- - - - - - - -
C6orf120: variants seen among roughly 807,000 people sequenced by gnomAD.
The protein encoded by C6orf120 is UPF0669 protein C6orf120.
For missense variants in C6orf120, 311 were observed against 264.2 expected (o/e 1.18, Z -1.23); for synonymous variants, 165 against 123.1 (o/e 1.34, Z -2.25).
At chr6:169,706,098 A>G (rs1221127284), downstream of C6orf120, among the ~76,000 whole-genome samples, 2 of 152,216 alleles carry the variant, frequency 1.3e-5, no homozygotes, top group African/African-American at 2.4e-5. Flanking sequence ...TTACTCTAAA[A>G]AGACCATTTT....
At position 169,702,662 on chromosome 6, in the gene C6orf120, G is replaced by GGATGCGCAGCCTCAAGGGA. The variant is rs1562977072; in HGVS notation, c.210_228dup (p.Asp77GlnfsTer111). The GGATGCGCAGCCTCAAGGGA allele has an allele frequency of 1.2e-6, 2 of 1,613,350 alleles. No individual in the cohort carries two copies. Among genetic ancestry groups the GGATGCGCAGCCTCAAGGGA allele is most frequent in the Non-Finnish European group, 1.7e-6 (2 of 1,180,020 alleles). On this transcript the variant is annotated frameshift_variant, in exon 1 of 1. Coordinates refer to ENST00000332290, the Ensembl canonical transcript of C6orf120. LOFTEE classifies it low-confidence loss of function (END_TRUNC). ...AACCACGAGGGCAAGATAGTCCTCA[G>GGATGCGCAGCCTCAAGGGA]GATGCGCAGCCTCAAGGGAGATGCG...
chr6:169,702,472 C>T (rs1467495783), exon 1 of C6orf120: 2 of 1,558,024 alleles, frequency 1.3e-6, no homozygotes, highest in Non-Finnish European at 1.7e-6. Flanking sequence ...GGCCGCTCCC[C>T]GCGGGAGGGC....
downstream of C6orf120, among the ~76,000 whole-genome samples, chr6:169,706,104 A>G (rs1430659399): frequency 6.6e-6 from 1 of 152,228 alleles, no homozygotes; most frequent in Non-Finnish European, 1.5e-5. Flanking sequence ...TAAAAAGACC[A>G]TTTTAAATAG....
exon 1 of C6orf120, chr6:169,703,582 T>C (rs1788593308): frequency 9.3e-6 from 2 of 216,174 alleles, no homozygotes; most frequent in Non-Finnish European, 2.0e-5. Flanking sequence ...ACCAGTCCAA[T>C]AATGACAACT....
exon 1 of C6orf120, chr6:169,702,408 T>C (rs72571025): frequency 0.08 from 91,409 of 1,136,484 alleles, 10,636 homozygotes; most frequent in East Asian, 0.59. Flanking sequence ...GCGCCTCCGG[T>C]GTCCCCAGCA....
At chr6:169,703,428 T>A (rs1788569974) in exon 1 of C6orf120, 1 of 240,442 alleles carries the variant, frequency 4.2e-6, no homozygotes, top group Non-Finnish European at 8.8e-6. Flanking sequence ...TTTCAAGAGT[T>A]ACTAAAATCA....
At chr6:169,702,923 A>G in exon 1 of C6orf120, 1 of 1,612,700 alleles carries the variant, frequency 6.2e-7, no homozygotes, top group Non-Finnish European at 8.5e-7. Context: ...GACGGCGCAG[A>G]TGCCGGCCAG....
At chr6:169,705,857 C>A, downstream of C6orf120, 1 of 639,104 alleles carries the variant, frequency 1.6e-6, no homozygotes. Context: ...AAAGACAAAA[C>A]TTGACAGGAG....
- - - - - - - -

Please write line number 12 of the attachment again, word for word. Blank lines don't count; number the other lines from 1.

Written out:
At chr6:169,705,857 C>A, downstream of C6orf120, 1 of 639,104 alleles carries the variant, frequency 1.6e-6, no homozygotes. Context: ...AAAGACAAAA[C>A]TTGACAGGAG....